The Brix Café & Bistrot
The brix has closed down in Aug 2012
Rear of 412 Brunswick Street
Fitzroy, VIC 3065
03 9417 6114
Sometimes, the more you like a place, the less you want to talk about it.
Maybe I’ll let you gather all the essential bits and pieces about The Brix from other blog posts and sites…
…this way, you can just enjoy the painfully beautiful pictures of the food here.
Loved the fit-out and ambience of the place. Small, cosy, elegant and modern…
…with little touches here and there, and smiling, friendly, quirky staff.
We came here for the $80 five course set menu, but first…
…we shared a platter of Tasmanian Duck Bay oysters w red wine and shallot vinaigrette.
Not too bad, but one word of advice, don’t eat the sand that the oysters were sitting on. *blush*
All good restaurants will ask if any of us have allergies before starting a set menu.
Hence this thoughtful bread platter. Sourdough and rye for Fakegf and I.
Gluten free bread, specially for Ashley.
I only grew keen to visit The Brix after I-Hua and Agnes instagrammed a string of exquisite food photos of its dishes.
Yes, I’m a food blogger, but I also like to think of myself as a food photographer. I feel a wonderful sense of satisfaction when I’ve managed to capture the feel of a venue…
…and the hidden beauty and language behind each plate of food.
Smoked tuna, avruga, seaweed
Just perfectly beautiful.
Smoked tuna jelly, tendrils of enoki, Avruga caviar, crisp snapper skin, puffed rice, and coastal succulents…
…everything just worked, awash in a marriage of flavours.
We tasted the sea. In fact,
it almost felt like we were walking
along a rocky Australian coast.
Wow… so just who are these chefs? How do they make food look and taste so winsome?
Love the use of tweezers… since when did food become so intricate?
We kept observing the flow inside the open kitchen. They seemed to work together with a seamless effortlessness.
Each time a course arrives, it is presented with a brief, almost cryptic, description.
For instance, plates would float onto our tables, and with a breathy sigh, the floor staff would coo dreamily:
“Beef… and oyster…”
*floor staff walks away…*
Umm, yep… there’s much much more going on there than just beef and oysters, lol.
Some may think it pretentious, but I see it as a teasing way to be surprised with what’s on your plate. Isn’t art all about enquiry, subjectiveness, extrapolation and discovery?
With food looking so exquisitely pretty, I’ll just let my tongue be curious. Although, I almost did not want to eat this dish because it actually looked too pretty to eat!!
On first bite, I was transported into the Australian outback, with the lonesome baked oyster as the only figment of the sea left behind…
I could almost taste sun-seared native herbs, with paradoxical bursts of black sesame. The beef came both raw and slow-cooked, both wonderful. And till now, nobody still knew what that those white, seaweedy, thready ribbons were.
And what I thought was a cooked scallop turned out to be a blob of beautiful, buttery marrow… Amazing.
The set meal was paced out very nicely, over three hours.
In between dishes, we got into a fun chat about how to pronounce “Laguiole” knives.
Singaporean me would say “la-gwee-ole”, but I remember Mr Frenchman calling it “lye-yool”.
Next, we walked into a Summer glade, and found…
venison, roast onion and clove…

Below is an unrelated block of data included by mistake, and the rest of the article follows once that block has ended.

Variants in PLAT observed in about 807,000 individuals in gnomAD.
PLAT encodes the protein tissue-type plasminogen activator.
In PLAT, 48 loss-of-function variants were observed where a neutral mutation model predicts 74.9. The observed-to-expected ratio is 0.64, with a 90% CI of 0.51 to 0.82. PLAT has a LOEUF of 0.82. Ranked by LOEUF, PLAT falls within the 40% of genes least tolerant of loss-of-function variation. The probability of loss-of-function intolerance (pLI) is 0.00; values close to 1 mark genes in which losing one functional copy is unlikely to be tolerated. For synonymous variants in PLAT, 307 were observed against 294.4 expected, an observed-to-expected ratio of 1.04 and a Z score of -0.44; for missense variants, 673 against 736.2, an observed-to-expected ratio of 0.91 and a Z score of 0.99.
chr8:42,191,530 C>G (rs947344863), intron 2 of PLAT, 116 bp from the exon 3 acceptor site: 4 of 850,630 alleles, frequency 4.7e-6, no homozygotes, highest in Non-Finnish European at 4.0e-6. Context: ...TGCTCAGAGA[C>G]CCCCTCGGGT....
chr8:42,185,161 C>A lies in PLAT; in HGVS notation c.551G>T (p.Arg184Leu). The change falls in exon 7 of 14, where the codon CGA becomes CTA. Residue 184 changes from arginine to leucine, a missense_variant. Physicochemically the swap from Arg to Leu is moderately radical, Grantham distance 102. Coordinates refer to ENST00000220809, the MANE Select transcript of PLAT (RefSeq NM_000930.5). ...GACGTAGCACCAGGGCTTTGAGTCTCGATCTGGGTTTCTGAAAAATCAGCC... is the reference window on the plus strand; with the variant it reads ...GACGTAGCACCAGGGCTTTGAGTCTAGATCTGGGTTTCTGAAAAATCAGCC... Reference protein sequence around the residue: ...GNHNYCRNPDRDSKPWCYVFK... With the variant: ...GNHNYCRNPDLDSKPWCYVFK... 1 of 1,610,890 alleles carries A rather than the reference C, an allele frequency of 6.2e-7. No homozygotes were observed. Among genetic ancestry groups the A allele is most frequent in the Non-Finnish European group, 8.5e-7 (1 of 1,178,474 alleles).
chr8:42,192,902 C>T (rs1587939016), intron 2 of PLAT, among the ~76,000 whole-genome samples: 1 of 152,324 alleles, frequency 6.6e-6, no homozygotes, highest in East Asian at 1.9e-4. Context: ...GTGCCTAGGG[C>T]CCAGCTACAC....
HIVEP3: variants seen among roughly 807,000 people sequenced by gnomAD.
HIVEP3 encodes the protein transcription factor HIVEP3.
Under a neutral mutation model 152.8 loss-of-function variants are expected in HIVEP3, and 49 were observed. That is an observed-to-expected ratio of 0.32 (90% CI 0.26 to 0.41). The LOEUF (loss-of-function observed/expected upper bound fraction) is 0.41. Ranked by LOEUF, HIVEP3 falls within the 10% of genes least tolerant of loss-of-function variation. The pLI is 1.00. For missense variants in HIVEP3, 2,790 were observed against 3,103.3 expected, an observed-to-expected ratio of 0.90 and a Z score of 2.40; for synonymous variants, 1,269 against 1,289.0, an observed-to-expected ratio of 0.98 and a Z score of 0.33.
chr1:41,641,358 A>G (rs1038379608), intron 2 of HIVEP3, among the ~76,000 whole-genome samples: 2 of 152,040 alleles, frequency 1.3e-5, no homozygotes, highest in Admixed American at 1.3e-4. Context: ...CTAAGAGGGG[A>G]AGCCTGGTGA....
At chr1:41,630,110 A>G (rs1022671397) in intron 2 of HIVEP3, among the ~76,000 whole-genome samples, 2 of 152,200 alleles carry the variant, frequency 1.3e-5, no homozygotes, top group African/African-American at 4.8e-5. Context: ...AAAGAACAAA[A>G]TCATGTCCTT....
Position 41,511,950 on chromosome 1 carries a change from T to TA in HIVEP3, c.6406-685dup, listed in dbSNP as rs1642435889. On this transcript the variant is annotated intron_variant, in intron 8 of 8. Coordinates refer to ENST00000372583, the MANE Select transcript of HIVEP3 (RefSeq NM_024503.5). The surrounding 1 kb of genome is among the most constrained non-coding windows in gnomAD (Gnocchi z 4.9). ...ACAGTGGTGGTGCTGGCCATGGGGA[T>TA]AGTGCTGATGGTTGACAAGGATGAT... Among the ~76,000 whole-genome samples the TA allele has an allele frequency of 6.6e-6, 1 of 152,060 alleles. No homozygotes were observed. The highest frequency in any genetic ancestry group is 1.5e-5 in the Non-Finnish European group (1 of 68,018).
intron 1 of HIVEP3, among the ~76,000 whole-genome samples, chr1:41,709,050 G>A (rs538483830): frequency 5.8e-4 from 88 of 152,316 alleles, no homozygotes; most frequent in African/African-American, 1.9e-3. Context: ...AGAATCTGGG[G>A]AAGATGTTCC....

…rife with flowers.
Hints of clove were hidden inside the white powder.
Once again, such exquisitely unusual flavours.
I mean, look at those little white flowers. Who’d think that they can be edible?
The sous vide venison tasted smoky, with tenderly soft blushing flesh.
Dusk settles in, as we chatted and waited for the last two courses to arrive…
“Lamb, lettuce… and mace”
I assume the mace was hidden within the brown soil, but it actually tasted more earthy-sweet and aniseedy to us. It takes bold confidence for a chef to use such robust tasting spices inside a main dish.
If you imbibed some spiced soil with the unctuously fatty slow-cooked lamb, it sort of worked. Still, we weren’t all that keen on that combination.
The dish also had battered sweetbreads (thymus gland) that reminded me of bouncy fried chicken. Never had this before.
A common thread in the food here involves some molecular gastronomy, with powders, soils, ribbons and jellies. But there’re also elements of a forager’s and artist’s touch here, with wild herbs and edible flowers skilfully scattered across magnificently tweezered dishes.
The staff all wear suspenders, they look like skinny humpty dumpties. Very cute, and juuust a teensy bit kitsch. ^.^
And the meal ends splendidly, with blackberries, beetroots and basil. An arrestingly musky, masculine dessert.
A scroll of ginger, sticks of warm spices, hand-picked blackberries, dark crumbs of cake, beetroot ‘roe’, and an amazing yoghurt foam. Boldly executed flavours, that somehow just simply worked.
For just five courses that all looked smallish, the amount of food still turned out just right. We were surprisingly satiated with the set menu. But for those of us who were still a tiny bit nibbly, cute madeleines accompanied the bill.
You can tell I enjoyed this meal. I liked the brave conflict of flavours, it made me keep thinking and pondering as I ate. And don’t get me started on the wild and exquisitely random presentation of every dish. I think it takes much artistry to tweezer-craft such wonderful looking plates of food.
But the bottom line is, the food here actually tastes as beautiful as it looks, and that’s why this place will stand as a winner in my heart.
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